Get Stoked to Go Skateboarding With Your Dog

Kevin Roberts
by Kevin Roberts
Are you a poser or a real sk8er boi or grrl? If you’re the real deal, we’ve put together a few tips on how to skateboard safely with your dog.

I’m headed home on a beautiful day, sun on my face, board beneath my feet. Skateboarding surely is one of the best ways to get around during the summer. My pleasant thoughts quickly dissolve as I look down the street to see a guy on a skateboard being pulled along by his dog.

The dog is panting, but this dude isn’t even breaking a sweat!

It’s a hot day and the dog doesn’t look too happy to be pulling this poser. “Hey! That is NOT cool,” I shout, but he ignores me and takes off down the street. Grrrrr – I need to up my street cred. That’s why I wrote this article, in the hopes that the guy sees it and learns a thing or two. And even if he never reads it, at least you will.

Related: Mountain Boarding With Dogs Part 1

Since of the dawn of time (or at least, the dawn of strapping wheels to a piece of wood), people have come to realize how awesome dogs and skateboards can be. To be successful and safe, there are a few simple things to keep in mind, so you don’t get in over your head…or head over heels… or heels over head. Anyway, read this and avoid disaster.

It’s not your dog’s job to pull you around. Yeah, I know, you’ve seen footage of the Iditarod and a few dog-sledding movies as well. Dogs love to run, dogs love to pull – I get it! You are preaching to the choir! I am the PetGuide poster boy for dog-powered sports. But guess what? It’s NEVER your dog’s job to haul you around. A musher on a sled with 16 dogs still kicks to help them out. Yes, 16, and still kicking! And you’re letting your dog pull you around all on his own? Not cool, dude.

Avoid pavement. Pavement and paws don’t mix. Repeat after me: Pavement and paws do not mix. Dog who are hauling a load are working really hard, so they don’t need any more strain. It’s a horrible thought, but dogs can and do blow their paw pads from running on hard surfaces. It’s a messy affair, as part of the dog’s paw pads literally rips off. Paw pad injuries can happen in mere seconds.

Keep it cool. Baby, it’s hot out there. Air temperature and humidity, and well as the dog’s age, coat, and condition, will affect how far and fast your dog can safely travel. Pavement holds the heat well into the evening, so even if the air temperature feels fine for you, it may be reaching dangerous levels down on the pavement for your pooch.

That seems like a negative list – sorry if I bummed you out. What can I say? I’m a passionate advocate for dog-powered sports, and dog-powered sports done safely.

Related: Mountain Boarding With Dogs Part 2

What to do if you really want to go skateboarding with your dog? It’s time to start training. Here’s what you need to know:

Wait. Veterinarians recommend your dog wait until he is at least a year old to begin strenuous activities. Skateboarding is defiantly considered a strenuous activity. Waiting gives your dog a chance to grow into himself and allow the growth plates to close. It also gives your dog a chance to learn pick up the basics of obedience training. Skateboarding with a dog is a challenge; skateboarding with an untrained dog is a death sentence.

Dress properly. I prefer to use a well-fitted walking harness when I skateboard with my dogs. They aren’t pulling, so there’s no need to use a fully padded harness. I avoid a collar, because if I have to bail or unexpectedly yank, I don’t want to cause injury to my dog’s neck.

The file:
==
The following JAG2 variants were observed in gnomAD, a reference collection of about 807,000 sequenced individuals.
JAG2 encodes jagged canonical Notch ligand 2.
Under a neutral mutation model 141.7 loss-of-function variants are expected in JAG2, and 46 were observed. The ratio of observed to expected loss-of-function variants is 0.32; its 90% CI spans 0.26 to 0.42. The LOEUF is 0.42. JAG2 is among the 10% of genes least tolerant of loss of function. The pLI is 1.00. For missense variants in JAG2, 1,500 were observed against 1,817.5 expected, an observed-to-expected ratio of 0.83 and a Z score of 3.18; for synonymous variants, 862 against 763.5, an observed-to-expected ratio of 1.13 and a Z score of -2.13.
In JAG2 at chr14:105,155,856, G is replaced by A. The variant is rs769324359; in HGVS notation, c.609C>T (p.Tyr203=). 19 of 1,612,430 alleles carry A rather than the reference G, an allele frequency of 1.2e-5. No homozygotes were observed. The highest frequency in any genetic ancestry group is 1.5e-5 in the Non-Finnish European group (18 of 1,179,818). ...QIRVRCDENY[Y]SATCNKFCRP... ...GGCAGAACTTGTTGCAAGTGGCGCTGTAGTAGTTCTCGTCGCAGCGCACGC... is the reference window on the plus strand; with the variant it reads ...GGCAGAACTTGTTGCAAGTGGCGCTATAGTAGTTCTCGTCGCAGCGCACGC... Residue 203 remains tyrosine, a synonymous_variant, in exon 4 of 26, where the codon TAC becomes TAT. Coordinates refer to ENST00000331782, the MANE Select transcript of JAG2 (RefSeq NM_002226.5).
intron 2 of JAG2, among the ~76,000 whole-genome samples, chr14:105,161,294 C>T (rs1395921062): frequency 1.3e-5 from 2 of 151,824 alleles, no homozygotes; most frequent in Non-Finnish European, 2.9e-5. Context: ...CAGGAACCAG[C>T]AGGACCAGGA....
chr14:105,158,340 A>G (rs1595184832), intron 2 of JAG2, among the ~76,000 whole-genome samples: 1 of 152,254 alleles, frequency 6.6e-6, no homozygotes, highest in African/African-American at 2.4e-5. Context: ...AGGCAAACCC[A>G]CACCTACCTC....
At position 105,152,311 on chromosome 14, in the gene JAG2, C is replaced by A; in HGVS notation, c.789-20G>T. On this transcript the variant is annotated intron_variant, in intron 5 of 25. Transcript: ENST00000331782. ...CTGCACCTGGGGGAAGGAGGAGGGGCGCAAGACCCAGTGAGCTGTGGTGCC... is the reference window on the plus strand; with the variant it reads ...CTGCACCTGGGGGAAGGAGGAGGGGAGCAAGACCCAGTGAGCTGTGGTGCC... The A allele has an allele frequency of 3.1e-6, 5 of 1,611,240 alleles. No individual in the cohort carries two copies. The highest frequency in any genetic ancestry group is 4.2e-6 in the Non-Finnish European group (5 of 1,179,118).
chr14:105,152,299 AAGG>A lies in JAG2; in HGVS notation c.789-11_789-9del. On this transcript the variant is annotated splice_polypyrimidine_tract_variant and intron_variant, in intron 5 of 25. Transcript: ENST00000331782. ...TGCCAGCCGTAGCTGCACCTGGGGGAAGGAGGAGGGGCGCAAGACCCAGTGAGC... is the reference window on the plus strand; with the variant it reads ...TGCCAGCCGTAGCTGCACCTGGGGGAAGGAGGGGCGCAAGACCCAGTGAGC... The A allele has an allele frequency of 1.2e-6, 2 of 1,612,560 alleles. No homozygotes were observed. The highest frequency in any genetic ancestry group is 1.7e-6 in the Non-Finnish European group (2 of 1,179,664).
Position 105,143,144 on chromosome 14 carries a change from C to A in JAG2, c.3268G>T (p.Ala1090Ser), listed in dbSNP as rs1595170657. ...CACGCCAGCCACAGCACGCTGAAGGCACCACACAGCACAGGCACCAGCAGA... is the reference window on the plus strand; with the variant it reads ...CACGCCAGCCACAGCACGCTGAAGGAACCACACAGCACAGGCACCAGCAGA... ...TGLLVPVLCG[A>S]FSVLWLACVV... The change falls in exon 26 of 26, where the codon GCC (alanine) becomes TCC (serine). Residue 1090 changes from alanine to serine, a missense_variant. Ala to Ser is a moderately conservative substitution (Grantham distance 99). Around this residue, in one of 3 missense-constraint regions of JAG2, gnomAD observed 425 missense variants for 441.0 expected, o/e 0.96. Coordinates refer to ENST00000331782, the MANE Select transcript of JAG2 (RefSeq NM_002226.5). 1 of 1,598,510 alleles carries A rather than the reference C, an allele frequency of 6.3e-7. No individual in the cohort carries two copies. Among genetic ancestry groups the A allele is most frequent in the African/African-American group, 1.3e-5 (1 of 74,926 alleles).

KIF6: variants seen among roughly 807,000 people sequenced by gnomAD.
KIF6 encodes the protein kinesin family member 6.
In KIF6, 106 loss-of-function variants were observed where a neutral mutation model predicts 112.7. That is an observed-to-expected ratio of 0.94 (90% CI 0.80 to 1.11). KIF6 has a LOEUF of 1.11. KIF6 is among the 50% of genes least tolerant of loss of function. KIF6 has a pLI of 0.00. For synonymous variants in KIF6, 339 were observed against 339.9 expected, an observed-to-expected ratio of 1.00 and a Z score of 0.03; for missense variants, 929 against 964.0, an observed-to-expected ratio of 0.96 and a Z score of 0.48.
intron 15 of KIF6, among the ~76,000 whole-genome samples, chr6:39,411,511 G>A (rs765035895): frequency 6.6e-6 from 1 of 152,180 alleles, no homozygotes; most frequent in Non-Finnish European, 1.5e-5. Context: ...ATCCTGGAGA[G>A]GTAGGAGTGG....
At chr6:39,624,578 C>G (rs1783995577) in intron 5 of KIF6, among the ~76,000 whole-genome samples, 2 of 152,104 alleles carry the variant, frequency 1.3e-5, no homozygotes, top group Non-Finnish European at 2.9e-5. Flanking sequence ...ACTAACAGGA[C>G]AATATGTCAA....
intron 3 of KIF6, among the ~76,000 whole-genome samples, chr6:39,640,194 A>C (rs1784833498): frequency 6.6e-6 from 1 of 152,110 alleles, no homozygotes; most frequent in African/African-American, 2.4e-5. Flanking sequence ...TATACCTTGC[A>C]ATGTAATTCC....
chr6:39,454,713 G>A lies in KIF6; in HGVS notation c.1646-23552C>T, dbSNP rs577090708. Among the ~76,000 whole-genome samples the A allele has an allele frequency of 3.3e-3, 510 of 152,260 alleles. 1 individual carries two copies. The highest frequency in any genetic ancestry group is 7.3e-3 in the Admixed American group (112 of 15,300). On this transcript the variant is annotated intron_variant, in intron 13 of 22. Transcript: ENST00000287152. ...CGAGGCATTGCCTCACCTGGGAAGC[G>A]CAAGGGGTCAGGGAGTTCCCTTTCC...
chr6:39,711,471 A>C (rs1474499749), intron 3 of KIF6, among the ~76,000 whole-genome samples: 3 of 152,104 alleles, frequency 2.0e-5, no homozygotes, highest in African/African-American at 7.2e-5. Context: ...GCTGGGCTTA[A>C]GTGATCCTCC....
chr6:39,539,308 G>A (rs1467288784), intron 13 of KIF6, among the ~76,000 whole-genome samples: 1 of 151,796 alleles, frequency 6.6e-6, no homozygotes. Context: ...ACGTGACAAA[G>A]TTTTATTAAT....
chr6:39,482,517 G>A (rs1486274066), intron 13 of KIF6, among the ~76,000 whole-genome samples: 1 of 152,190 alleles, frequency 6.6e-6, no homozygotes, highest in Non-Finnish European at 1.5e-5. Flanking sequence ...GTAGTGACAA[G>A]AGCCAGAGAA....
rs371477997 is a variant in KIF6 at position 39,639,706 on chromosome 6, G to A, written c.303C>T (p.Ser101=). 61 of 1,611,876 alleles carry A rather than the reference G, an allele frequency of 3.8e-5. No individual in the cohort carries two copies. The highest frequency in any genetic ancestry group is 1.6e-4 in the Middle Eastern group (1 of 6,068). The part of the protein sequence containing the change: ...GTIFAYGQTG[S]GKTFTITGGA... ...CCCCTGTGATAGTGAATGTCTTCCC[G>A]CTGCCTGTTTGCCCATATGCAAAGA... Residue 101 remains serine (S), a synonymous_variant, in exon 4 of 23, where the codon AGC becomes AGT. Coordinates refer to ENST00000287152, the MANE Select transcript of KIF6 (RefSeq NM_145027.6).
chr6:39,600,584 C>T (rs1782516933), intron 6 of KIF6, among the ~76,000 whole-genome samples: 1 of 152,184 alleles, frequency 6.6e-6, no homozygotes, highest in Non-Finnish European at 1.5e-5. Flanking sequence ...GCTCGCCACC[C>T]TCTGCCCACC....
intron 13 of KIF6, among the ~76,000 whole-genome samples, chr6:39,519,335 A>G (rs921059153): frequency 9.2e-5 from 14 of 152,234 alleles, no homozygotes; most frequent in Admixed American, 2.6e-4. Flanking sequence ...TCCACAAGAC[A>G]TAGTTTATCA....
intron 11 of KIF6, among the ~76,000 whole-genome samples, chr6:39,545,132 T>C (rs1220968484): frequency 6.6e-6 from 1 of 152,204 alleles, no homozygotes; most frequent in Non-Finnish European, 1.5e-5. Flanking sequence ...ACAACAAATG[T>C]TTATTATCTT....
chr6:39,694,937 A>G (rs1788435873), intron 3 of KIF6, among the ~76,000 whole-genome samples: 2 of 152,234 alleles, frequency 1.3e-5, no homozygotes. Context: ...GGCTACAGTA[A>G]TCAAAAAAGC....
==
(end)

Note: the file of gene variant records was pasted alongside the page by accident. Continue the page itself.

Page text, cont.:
Your mom likely told you this already, but you need to get a proper skateboarding helmet. Think you’re too old to listen to your mother? Well, let’s put it this way. If you mash your brains taking a dive, who is going to take care of your dog?

Learning Curve. You’re going to want to train your dog to run alongside your skateboard. Some dogs take to running beside you right away, while others take a little training. Either way, start slow, and with a dog who is just a little tired. I like to train a cue for my dogs to “Watch Me.” This means that I ask the dog to focus in on my face, making eye contact and being rewarded with some awesome treats. I build up the watch command slowly, and eventually transfer it to the skateboard.

When I know the dog is ready to give me their undivided attention, then I am ready to add some slow movement. In the beginning, I keep skateboarding sessions short and sweet, and use lots of praise. We don’t aim for any speed. In time, we build up to longer sessions, and increase our speed gradually.

Stop. Most dogs are going to love to run with the skateboard, so the problem is stopping. I like to teach my dogs a “Stop” command. Teaching it is pretty simple, I start by run around with them like a manic, keeping them engaged. Then I randomly and suddenly stop. If the dog stops, I reward heavily! Once the dog is stopping reliably, I add the command “Stop.” Keeping it fun making it a game is key. There will come a time when you need your dog to stop on command, and you will be happy your dog WANTS to!

Where to go? You need to find a good place skate safely with your dog. Sometimes this means walking with my dog and my board before we find a good spot. You have to find a spot where your wheels can spin smoothly, but your dog can run along beside on the grass. I love the suburbs for this, because lots of nice, smooth concrete and prefect lawns for my dogs to run on.

Okay, you aspiring Tony Hawks – get out there and skate safely with your dogs!

Kevin Roberts
Kevin Roberts

Kevin Roberts lives for adventure. Together with his pack of rescue dogs and his husband, he spends as much time outdoors as possible. Kevin lives by the motto: "Get outside and play with your dogs!

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